In the pool, everything is harder, in a good way
The water provides continual, low-impact resistance and an intense cardio workout.
Special to The Seattle Times
I REGULARLY confront areas of growth in my personal fitness, especially for this column. I like to spread out my encounters with dance classes and confounding choreography, for example.
But I recently found my actual Achilles’ heel, the one to work on above all the others — the swimming pool.
Don’t assume I actually was swimming in said pool. I was there for Aqua Fit, or more specifically, the 8 a.m. Deep Liquid Intervals in the competition pool at the Bellevue Club on the Eastside.
I probably should have been more nervous, but I felt calm before class. It’s just water aerobics, I told myself. I grew up swimming at my local pool, though my main interaction with water these days is jumping in for a dip and getting out a few minutes later.
At the pool, an older man, who introduced himself as Angelo, told me most of the ladies wore a foam belt to keep afloat. He had some sort of floaties on his ankles, which I assumed meant he was tougher than the rest of us put together.
I got my props, including a foam noodle and floating dumbbells, secured my belt and eased into the water. I quickly learned the belt keeps your head above water, but just up to your chin. I might have gurgled briefly.
I joined the people slowly swimming around the deep end. Our perky instructor, Lynelle, soon was moving vigorously on the side of the pool and calling out to us to follow her.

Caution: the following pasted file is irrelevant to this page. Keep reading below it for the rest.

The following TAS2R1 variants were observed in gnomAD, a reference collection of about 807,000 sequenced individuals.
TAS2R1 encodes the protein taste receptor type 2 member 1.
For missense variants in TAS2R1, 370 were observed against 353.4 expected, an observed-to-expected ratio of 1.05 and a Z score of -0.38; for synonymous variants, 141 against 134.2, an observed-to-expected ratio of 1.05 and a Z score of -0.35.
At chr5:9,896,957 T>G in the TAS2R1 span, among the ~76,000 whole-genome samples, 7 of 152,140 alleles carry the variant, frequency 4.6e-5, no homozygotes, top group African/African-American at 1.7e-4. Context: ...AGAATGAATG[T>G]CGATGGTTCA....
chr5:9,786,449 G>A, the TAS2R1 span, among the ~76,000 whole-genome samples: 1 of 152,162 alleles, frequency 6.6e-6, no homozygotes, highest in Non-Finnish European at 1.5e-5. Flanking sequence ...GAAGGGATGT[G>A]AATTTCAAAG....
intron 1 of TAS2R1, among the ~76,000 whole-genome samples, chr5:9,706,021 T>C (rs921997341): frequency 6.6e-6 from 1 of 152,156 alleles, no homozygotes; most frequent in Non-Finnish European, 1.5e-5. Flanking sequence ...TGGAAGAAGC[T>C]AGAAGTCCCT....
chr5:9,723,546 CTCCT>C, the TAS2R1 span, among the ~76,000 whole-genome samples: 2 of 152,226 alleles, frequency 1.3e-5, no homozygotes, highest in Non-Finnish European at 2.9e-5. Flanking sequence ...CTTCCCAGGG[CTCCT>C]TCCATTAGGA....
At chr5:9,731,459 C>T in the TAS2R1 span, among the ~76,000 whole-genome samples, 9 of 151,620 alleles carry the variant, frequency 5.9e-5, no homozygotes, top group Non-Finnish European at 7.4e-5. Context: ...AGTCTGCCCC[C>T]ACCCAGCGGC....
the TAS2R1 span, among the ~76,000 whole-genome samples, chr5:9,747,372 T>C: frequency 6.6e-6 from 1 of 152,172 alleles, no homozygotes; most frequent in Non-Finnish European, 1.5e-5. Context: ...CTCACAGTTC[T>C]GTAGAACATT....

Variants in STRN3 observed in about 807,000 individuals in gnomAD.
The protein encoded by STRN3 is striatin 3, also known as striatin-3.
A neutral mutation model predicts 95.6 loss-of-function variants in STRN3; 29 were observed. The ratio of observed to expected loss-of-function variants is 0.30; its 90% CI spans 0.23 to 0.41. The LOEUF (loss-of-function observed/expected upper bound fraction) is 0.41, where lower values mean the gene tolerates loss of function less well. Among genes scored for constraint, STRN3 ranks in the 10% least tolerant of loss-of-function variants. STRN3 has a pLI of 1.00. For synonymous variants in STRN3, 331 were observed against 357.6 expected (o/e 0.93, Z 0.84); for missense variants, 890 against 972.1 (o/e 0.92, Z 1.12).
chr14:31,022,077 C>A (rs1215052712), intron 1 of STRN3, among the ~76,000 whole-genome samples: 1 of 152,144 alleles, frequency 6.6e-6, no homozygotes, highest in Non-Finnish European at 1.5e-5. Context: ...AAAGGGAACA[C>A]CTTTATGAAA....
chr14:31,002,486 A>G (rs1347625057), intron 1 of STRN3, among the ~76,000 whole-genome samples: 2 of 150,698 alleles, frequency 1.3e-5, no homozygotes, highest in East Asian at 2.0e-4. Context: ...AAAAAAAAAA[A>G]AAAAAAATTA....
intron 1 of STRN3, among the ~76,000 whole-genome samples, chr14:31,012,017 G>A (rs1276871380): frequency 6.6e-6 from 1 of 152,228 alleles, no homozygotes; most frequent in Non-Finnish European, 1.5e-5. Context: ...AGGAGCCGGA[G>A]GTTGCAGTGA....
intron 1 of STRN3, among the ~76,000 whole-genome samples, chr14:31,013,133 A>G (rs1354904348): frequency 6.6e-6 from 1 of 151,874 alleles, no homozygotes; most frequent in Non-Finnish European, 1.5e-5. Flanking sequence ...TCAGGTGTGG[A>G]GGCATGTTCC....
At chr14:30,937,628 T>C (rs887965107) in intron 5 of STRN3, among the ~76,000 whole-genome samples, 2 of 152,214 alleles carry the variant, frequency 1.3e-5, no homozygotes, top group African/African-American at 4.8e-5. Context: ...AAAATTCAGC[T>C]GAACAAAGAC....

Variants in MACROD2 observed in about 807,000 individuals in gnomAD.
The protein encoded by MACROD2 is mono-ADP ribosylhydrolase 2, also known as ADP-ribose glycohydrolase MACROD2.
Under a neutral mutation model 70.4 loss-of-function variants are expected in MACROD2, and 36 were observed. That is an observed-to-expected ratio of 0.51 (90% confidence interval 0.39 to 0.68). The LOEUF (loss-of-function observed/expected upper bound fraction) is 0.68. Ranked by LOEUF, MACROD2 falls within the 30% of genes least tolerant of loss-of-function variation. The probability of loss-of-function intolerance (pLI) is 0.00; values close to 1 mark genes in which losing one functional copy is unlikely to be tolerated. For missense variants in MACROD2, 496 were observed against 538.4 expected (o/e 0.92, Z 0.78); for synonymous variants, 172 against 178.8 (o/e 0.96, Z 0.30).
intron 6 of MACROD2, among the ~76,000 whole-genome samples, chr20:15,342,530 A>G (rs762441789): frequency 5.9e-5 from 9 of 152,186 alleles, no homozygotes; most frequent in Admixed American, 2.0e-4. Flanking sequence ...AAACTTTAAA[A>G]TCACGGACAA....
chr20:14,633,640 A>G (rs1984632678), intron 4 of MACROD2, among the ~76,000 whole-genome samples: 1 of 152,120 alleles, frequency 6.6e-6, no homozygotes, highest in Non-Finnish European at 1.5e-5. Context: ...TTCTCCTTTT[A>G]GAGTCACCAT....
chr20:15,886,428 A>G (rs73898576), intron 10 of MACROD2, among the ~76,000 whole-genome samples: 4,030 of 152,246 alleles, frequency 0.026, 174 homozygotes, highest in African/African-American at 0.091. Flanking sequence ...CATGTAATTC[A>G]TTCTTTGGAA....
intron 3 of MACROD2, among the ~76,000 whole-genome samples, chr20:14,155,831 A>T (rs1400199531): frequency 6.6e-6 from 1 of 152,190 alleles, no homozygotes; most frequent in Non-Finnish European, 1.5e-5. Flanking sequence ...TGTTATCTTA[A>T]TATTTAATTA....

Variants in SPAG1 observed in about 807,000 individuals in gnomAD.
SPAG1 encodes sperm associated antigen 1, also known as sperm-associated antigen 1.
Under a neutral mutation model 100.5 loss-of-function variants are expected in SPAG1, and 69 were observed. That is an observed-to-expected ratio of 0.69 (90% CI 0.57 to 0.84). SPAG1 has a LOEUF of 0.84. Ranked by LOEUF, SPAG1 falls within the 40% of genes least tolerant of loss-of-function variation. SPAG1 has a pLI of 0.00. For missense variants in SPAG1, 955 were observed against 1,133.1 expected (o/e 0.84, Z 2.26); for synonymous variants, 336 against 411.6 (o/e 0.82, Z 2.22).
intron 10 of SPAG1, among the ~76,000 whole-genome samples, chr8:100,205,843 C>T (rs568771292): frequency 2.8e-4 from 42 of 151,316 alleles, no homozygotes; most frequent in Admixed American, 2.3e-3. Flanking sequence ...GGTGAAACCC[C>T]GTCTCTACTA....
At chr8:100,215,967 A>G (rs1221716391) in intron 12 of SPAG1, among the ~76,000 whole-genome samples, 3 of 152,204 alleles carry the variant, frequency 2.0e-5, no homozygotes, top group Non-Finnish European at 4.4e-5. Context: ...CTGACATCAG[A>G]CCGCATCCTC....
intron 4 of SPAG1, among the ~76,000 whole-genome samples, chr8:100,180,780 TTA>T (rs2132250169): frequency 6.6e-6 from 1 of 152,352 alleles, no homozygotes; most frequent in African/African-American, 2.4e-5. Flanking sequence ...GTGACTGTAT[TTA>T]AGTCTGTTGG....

I tried to keep up at first, then realized I could not match her tempo as she jogged, had us reach side-to-side, squeezing elbows to knees and leaping underwater. I soon realized other people couldn’t see what I was doing anyway under the water.
I also was breathing hard and was thankful no one could see my inelegant moves. The water provides continual, low-impact resistance and an intense cardio workout. I could never quite tell what part of my body I was working, and sometimes still felt like I was sinking despite my so-called belt.
When Lynelle called out for us to grab the noodles after more than 20 minutes of straight cardio, I was deeply grateful for another floatie device.
We used our noodles like bicycle handles, as resistance for planks and the piece de resistance — at least for me — standing on the noodle and finding our balance. I was challenged trying to stay upright, but I loved the extra buoyancy from the noodle. When Lynelle had us grab our dumbbells, I was reluctant to give up my noodle.
Happily, the dumbbells also provided some buoyancy, and when we pushed them underwater, added resistance to work our arms. Now that I’d had a moment to catch my breath, I started to enjoy it a little more.
At the end, we did a little speed challenge, swimming across the pool. Angelo left me in his wake.
Now I’m considering adding swimming to my routine. It feels like a great goal and a way to have more fun in the water. Aqua Fit is one way to get in a low-impact, yet thorough workout in the water. And get functionally fit.
Nicole Tsong teaches yoga at studios around Seattle. Read her blog at papercraneyoga.com. Email: firstname.lastname@example.org. Benjamin Benschneider is a Pacific NW magazine staff photographer.